• Track profiles - The track or rail profile is the cross-sectional shape of the track. Minor flaws in the steel can lead to trains derailing and the rails themselves even breaking in some cases. In the event of a train derailment, the track profiles of the rails must be checked to determine whether not this caused the accident.
  • Radio communications to and from locomotive - As we mentioned, the engineer is in constant contact with the dispatcher's office to discuss regular operations and any emergency situations that arise. These communications are recorded and can shed light on how an accident actually occurred.
  • Manuals, policies, etc. - In some occasions, a railroad will be liable for an accident because it did not properly train and instruct a worker, or monitor and reprimand him or her for failing to follow company policies. In order to determine if this is the case, then the company's instruction manuals and policies must be explored and examined to find out how the employee was trained and whether or his previous actions were observed by the company and corrected if they failed to comply with policy.
  • OSHA report - The Occupational Safety and Health Administration seeks to make all workplaces safer for workers and bystanders alike. Whenever an accident takes place that injures a railroad employee, OSHA will compile a report and issue any fines or reprimands if necessary.
  • FRA report - The Federal Railroad Administration's Office of Safety Accident Analysis investigates major railroad accidents with a wide variety of experts in different fields. When they're finished, they compile a thorough report. However, this report can take between six to nine months to finish and be released.
  • NTSB report - The National Transportation Safety Board investigates most major railroad catastrophes and then prepares a report regarding the cause of the accident. If the NTSB decides to investigate an accident, then the FRA investigation assumes a supportive role. Also, the FRA will not release its findings until the NTSB has done so, possibly making the wait for an FRA report even longer.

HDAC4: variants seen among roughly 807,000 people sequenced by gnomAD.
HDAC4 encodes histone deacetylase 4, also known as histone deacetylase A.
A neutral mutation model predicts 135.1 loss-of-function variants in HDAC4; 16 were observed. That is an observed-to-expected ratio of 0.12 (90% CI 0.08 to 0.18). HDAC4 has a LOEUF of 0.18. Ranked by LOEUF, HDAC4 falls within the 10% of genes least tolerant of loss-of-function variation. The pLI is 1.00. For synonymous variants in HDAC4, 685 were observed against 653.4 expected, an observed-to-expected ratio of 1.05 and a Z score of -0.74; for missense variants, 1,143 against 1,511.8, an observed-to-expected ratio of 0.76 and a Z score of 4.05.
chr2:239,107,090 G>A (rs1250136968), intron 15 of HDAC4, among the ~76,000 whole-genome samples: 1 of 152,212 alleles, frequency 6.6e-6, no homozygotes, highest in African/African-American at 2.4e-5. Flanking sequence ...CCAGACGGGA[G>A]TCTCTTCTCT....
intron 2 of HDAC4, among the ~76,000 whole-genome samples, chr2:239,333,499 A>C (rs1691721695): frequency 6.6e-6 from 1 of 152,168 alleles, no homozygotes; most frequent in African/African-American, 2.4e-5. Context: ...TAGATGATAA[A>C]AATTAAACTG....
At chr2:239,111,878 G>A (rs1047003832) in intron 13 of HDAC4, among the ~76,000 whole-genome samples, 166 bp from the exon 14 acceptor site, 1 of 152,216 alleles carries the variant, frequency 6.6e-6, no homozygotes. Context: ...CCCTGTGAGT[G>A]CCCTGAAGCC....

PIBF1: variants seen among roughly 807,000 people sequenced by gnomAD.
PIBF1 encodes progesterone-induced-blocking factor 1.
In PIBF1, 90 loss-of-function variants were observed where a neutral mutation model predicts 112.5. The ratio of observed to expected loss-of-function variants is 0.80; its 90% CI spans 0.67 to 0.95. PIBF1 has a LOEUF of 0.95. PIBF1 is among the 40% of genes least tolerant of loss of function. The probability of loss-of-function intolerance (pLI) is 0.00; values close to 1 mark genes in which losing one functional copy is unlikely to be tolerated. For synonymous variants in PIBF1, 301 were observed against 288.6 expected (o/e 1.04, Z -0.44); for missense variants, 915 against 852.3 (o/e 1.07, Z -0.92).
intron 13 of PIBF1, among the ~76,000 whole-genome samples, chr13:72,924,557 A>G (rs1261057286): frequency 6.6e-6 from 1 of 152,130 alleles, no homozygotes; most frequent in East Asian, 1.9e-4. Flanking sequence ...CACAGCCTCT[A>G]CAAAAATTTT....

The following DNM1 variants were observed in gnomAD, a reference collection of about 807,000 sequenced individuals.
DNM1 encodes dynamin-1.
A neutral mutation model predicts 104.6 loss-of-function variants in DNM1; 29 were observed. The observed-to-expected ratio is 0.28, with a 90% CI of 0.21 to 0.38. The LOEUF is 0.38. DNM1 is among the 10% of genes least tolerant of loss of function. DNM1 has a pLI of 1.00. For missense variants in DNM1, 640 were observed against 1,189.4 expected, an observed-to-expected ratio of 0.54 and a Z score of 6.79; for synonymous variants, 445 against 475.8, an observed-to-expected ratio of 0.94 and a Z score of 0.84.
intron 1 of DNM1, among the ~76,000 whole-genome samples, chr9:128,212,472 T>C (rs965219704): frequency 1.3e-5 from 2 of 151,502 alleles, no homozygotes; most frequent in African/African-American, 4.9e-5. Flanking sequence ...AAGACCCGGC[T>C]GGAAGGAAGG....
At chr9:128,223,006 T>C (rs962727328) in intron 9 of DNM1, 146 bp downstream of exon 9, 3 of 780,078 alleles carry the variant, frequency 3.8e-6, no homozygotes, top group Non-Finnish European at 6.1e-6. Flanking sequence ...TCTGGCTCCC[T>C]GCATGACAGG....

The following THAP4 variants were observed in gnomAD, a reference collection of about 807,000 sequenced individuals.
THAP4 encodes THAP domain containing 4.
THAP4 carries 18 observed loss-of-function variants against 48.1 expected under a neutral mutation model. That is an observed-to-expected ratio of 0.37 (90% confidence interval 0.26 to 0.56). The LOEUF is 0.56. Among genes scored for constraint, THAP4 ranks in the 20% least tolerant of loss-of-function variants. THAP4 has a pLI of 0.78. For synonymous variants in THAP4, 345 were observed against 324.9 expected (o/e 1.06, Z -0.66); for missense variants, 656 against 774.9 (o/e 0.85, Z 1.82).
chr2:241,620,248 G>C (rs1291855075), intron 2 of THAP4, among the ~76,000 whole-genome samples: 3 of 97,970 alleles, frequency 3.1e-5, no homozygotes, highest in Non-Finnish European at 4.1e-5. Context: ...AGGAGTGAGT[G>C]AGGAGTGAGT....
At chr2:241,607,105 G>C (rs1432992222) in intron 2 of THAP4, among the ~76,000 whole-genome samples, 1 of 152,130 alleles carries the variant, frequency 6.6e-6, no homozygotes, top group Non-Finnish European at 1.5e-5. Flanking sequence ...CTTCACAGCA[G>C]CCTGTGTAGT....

• Police report - When a law is being broken like trespassing is being committed when someone is killed or injured by a railroad, the police will usually investigate and release a report, provided it happened on public property. While lacking the official cache of an FRA or NTSB report, the police report can help cement the facts of the case.
  • EPA report - In rare cases, trains get into accidents while carrying dangerous materials. If a train derails while carrying hazardous materials, then the Environmental Protection Agency (EPA) will release a report detailing the harm done and the dangers to those who came into contact with the hazardous materials.

Just because a federal agency like the FRA or the NTSB is investigating a railroad accident doesn't mean that you can relax and assume all the evidence you need will be found and analyzed and the cause of your wreck will be determined. Moreover, most minor railroad accidents are never investigated by these agencies.

If you want to be able to prove how a railroad accident happened and who was to blame so that you can have the best chances of securing compensation, then you need an experienced railroad accident attorney conducting your investigation.

Call Grossman Law Offices Today:

At Grossman Law Offices, our personal injury and wrongful death practice is 22 years old, and we've helped many people who've been injured or lost loved ones in railroad accidents. Not only do we understand how to investigate these accidents, but we've also built relationships with railroad liability experts who can help us evaluate and interpret the evidence we find.

If you'd like to learn more about how we can help you find the evidence you need in your railroad accident case, then call us now for a free consultation at (855) 326-0000 (toll free).